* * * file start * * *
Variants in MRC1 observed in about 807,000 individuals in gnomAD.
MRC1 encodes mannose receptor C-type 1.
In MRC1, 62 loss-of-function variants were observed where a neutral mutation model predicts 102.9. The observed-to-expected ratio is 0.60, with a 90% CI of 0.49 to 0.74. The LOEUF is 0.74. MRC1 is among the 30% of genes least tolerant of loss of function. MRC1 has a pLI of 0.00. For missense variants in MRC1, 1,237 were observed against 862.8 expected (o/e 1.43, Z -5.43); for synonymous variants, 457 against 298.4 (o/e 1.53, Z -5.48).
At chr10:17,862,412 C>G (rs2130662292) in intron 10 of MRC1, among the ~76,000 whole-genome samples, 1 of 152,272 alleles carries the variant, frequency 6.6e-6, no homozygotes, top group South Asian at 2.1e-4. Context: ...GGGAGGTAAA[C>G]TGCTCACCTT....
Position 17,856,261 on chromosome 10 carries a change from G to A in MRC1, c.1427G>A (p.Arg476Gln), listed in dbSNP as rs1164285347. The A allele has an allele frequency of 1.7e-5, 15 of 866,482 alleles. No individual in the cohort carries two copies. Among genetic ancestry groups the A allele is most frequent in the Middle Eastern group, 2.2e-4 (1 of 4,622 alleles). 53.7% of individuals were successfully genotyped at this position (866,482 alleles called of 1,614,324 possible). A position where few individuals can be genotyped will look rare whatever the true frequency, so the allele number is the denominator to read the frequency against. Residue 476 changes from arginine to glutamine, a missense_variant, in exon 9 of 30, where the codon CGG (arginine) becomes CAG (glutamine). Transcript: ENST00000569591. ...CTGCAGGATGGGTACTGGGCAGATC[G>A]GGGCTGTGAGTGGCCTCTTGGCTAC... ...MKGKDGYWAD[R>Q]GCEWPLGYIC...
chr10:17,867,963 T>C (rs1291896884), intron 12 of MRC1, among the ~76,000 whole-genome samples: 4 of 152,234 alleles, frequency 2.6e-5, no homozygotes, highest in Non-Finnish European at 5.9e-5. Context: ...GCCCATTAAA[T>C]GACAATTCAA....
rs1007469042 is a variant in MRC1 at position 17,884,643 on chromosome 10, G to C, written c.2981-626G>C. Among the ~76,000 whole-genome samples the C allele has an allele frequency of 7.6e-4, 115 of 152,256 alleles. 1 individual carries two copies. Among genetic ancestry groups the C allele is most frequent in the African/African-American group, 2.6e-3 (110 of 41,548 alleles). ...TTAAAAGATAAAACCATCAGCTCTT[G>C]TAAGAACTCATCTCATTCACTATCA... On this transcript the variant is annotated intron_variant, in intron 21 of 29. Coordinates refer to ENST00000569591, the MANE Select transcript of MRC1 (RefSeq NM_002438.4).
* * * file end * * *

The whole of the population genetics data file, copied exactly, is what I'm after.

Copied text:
Variants in MRC1 observed in about 807,000 individuals in gnomAD.
MRC1 encodes mannose receptor C-type 1.
In MRC1, 62 loss-of-function variants were observed where a neutral mutation model predicts 102.9. The observed-to-expected ratio is 0.60, with a 90% CI of 0.49 to 0.74. The LOEUF is 0.74. MRC1 is among the 30% of genes least tolerant of loss of function. MRC1 has a pLI of 0.00. For missense variants in MRC1, 1,237 were observed against 862.8 expected (o/e 1.43, Z -5.43); for synonymous variants, 457 against 298.4 (o/e 1.53, Z -5.48).
At chr10:17,862,412 C>G (rs2130662292) in intron 10 of MRC1, among the ~76,000 whole-genome samples, 1 of 152,272 alleles carries the variant, frequency 6.6e-6, no homozygotes, top group South Asian at 2.1e-4. Context: ...GGGAGGTAAA[C>G]TGCTCACCTT....
Position 17,856,261 on chromosome 10 carries a change from G to A in MRC1, c.1427G>A (p.Arg476Gln), listed in dbSNP as rs1164285347. The A allele has an allele frequency of 1.7e-5, 15 of 866,482 alleles. No individual in the cohort carries two copies. Among genetic ancestry groups the A allele is most frequent in the Middle Eastern group, 2.2e-4 (1 of 4,622 alleles). 53.7% of individuals were successfully genotyped at this position (866,482 alleles called of 1,614,324 possible). A position where few individuals can be genotyped will look rare whatever the true frequency, so the allele number is the denominator to read the frequency against. Residue 476 changes from arginine to glutamine, a missense_variant, in exon 9 of 30, where the codon CGG (arginine) becomes CAG (glutamine). Transcript: ENST00000569591. ...CTGCAGGATGGGTACTGGGCAGATC[G>A]GGGCTGTGAGTGGCCTCTTGGCTAC... ...MKGKDGYWAD[R>Q]GCEWPLGYIC...
chr10:17,867,963 T>C (rs1291896884), intron 12 of MRC1, among the ~76,000 whole-genome samples: 4 of 152,234 alleles, frequency 2.6e-5, no homozygotes, highest in Non-Finnish European at 5.9e-5. Context: ...GCCCATTAAA[T>C]GACAATTCAA....
rs1007469042 is a variant in MRC1 at position 17,884,643 on chromosome 10, G to C, written c.2981-626G>C. Among the ~76,000 whole-genome samples the C allele has an allele frequency of 7.6e-4, 115 of 152,256 alleles. 1 individual carries two copies. Among genetic ancestry groups the C allele is most frequent in the African/African-American group, 2.6e-3 (110 of 41,548 alleles). ...TTAAAAGATAAAACCATCAGCTCTT[G>C]TAAGAACTCATCTCATTCACTATCA... On this transcript the variant is annotated intron_variant, in intron 21 of 29. Coordinates refer to ENST00000569591, the MANE Select transcript of MRC1 (RefSeq NM_002438.4).